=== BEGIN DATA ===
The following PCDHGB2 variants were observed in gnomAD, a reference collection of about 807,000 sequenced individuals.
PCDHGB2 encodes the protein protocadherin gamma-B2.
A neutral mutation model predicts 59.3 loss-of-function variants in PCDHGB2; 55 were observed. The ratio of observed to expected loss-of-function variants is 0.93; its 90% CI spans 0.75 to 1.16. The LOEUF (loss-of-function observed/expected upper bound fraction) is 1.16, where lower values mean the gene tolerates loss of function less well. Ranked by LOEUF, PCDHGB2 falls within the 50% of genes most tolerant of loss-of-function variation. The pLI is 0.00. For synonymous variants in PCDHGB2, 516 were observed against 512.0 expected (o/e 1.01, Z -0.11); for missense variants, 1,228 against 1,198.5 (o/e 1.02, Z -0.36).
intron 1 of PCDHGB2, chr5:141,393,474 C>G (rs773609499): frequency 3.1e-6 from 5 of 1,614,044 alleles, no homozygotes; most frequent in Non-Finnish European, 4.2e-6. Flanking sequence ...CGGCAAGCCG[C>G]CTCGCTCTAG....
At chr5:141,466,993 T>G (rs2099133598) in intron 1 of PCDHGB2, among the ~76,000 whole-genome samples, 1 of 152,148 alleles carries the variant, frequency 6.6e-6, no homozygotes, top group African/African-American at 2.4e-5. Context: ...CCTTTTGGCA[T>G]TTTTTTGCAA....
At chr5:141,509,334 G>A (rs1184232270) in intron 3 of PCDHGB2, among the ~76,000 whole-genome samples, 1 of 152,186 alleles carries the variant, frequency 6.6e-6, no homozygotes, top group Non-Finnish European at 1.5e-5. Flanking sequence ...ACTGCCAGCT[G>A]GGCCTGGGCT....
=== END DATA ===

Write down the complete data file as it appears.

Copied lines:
The following PCDHGB2 variants were observed in gnomAD, a reference collection of about 807,000 sequenced individuals.
PCDHGB2 encodes the protein protocadherin gamma-B2.
A neutral mutation model predicts 59.3 loss-of-function variants in PCDHGB2; 55 were observed. The ratio of observed to expected loss-of-function variants is 0.93; its 90% CI spans 0.75 to 1.16. The LOEUF (loss-of-function observed/expected upper bound fraction) is 1.16, where lower values mean the gene tolerates loss of function less well. Ranked by LOEUF, PCDHGB2 falls within the 50% of genes most tolerant of loss-of-function variation. The pLI is 0.00. For synonymous variants in PCDHGB2, 516 were observed against 512.0 expected (o/e 1.01, Z -0.11); for missense variants, 1,228 against 1,198.5 (o/e 1.02, Z -0.36).
intron 1 of PCDHGB2, chr5:141,393,474 C>G (rs773609499): frequency 3.1e-6 from 5 of 1,614,044 alleles, no homozygotes; most frequent in Non-Finnish European, 4.2e-6. Flanking sequence ...CGGCAAGCCG[C>G]CTCGCTCTAG....
At chr5:141,466,993 T>G (rs2099133598) in intron 1 of PCDHGB2, among the ~76,000 whole-genome samples, 1 of 152,148 alleles carries the variant, frequency 6.6e-6, no homozygotes, top group African/African-American at 2.4e-5. Context: ...CCTTTTGGCA[T>G]TTTTTTGCAA....
At chr5:141,509,334 G>A (rs1184232270) in intron 3 of PCDHGB2, among the ~76,000 whole-genome samples, 1 of 152,186 alleles carries the variant, frequency 6.6e-6, no homozygotes, top group Non-Finnish European at 1.5e-5. Flanking sequence ...ACTGCCAGCT[G>A]GGCCTGGGCT....